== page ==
Academic journal article Bulletin of the World Health Organization

Khat Chewing in Yemen: Turning over a New Leaf: Khat Chewing Is on the Rise in Yemen, Raising Concerns about the Health and Social Consequences

Academic journal article Bulletin of the World Health Organization

Khat Chewing in Yemen: Turning over a New Leaf: Khat Chewing Is on the Rise in Yemen, Raising Concerns about the Health and Social Consequences

Article excerpt

Among the many products found in the bustling markets of the Yemeni capital Sana'a are bundles of stripped branches covered by scraps of cloth or plastic, put there to preserve the freshness of the tender oval leaves, known locally as khat. Grown in the surrounding highland towns, khat is picked at dawn from groves of the tall-growing Catha edulis plant and by midday has found a buyer who that same afternoon will devote three to four hours to its mastication.

Khat chewing is a practice that dates back thousands of years in the Horn of Africa and the Arabian Peninsula where the khat plant is widely cultivated and known by a variety of names, including qaat and jaad in Somalia, and chat in Ethiopia. The chewing of khat leaves releases chemicals structurally related to amphetamines, which give the chewer a mild high that some say is comparable to drinking strong coffee.

There is some debate about where the plant originated, but wherever it came from it has certainly been a part of Yemeni culture for a very long time. In the words of Qahtan Al-Asbahi, implementation officer for the National Programme for Integrating Water Resources in Yemen: "There is no social event [in Yemen] without khat."

Sitting in animated groups, men and, increasingly, women (though never men and women together--that being the tradition in this Islamic country) talk and laugh while plucking the tender leaves from the branches and tucking them into the cheek, eventually forming a wad that can bulge almost to the size of a tennis ball.

It is estimated that up to 90% of adult males chew khat three to four hours daily in Yemen. The number for females may be as high as 50% or even higher as young women take up the habit; a recent study for the World Bank estimated that 73% of women in Yemen chew the khat leaf more or less frequently. Meanwhile, a staggering 15-20% of children under the age of 12 are also daily consumers.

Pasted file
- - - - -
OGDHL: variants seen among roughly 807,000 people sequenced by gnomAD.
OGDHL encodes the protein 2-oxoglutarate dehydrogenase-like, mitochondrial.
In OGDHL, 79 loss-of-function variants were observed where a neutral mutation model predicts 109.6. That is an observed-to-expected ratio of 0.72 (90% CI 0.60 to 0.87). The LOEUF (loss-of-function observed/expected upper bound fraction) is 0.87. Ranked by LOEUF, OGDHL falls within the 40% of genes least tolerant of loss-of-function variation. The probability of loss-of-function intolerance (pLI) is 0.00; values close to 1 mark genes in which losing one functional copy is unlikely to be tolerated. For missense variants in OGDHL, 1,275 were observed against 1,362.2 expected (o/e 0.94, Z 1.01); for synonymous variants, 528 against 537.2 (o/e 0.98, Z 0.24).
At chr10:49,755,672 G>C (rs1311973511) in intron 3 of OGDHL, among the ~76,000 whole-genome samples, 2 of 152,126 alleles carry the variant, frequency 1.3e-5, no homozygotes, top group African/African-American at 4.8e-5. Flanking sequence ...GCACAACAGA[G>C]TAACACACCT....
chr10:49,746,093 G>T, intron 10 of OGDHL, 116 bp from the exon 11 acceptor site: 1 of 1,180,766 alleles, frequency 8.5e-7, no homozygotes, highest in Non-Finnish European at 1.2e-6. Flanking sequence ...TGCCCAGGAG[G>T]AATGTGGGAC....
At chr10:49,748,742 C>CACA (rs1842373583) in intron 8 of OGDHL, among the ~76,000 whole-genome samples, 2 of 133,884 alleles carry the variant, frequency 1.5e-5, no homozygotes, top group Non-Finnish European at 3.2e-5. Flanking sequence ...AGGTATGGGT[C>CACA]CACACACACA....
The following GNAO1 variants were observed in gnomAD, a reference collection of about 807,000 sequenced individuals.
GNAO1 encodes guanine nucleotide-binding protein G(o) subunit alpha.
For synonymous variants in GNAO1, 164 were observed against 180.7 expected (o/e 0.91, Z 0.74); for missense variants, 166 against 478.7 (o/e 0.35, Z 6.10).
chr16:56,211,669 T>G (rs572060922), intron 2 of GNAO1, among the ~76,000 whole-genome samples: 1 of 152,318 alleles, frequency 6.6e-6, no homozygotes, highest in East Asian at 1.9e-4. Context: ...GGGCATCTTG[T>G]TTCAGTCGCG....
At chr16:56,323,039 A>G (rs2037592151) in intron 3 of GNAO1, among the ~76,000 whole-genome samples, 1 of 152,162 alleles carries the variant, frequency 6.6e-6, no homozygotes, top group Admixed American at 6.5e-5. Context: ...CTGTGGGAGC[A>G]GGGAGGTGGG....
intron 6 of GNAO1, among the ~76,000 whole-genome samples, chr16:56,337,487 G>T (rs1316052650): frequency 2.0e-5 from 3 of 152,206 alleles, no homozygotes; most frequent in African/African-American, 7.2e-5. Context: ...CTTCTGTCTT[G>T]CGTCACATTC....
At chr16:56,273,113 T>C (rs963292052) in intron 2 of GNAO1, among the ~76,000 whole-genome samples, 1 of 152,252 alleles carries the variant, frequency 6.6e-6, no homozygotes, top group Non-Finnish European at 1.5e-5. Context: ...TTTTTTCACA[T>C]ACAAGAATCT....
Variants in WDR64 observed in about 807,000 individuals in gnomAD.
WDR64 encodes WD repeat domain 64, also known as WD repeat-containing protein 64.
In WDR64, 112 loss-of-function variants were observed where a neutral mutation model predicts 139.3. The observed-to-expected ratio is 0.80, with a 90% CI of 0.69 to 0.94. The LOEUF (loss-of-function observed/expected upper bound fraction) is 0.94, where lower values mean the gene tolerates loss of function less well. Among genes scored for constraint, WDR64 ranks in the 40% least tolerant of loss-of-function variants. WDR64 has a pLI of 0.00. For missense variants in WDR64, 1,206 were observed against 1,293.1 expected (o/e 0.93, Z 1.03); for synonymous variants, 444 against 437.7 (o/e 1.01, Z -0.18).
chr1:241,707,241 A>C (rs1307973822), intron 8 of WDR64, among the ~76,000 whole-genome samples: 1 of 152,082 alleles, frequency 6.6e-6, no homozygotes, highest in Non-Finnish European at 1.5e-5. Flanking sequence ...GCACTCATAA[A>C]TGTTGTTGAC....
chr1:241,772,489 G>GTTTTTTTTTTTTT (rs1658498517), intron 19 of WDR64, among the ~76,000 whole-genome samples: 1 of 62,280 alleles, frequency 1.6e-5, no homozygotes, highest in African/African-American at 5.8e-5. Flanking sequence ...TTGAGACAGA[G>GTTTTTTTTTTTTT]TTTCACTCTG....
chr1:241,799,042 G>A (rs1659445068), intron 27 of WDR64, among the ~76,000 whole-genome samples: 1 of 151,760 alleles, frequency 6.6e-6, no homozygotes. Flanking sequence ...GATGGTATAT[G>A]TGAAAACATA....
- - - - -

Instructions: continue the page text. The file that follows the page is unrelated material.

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The fact that khat is not considered by the World Health Organization (WHO) to be a "seriously addictive drug", does not mean that its consumption is without physiological repercussions. "Khat chewers experience euphoria followed by depression, while people who are genetically predisposed are extremely vulnerable to psychosis," says Dr A A Gunaid, Faculty of Medicine and Health Sciences, University of Sana'a. Gunaid also notes that there have been many cases of khat chewers experiencing persistent hallucinations. Khat can also affect sleep, leading to rebound effects such as late awakening, decreased productivity and day-time sleepiness.

The effect of khat on the cardiovascular system is rather less dramatic, but increased heart rate and blood pressure are common side-effects, making khat very harmful for hypertensive patients. Meanwhile, according to a recent study, khat chewing during pregnancy results in lower birth-weights. Khat is also known to be excreted in breast milk, but no studies have been done so far on how this affects nursing babies.

For Jamal Al-Shammi, head of a Yemeni nongovernmental organization known as the Democratic School, the deleterious effects of khat are not limited to the consumer's body. "Khat chewing has its negative effect on the family too," he says. "It breaks down immediate family ties. Men chew alone, women chew alone and children are eventually left alone to do as they please with no adult supervision." This is a picture confirmed by Om Mohammed [name changed], an upper-middle class woman with a high-school education who has been chewing khat for 15 years. Om says her husband goes out after lunch to chew and doesn't return until way after midnight. For her, khat chewing is way of breaking the monotony of the day and of getting together with friends. As for her children, Om says: "I don't go out until they have had lunch and I have checked their homework, then I leave them with the maid; it's only three or four hours. …

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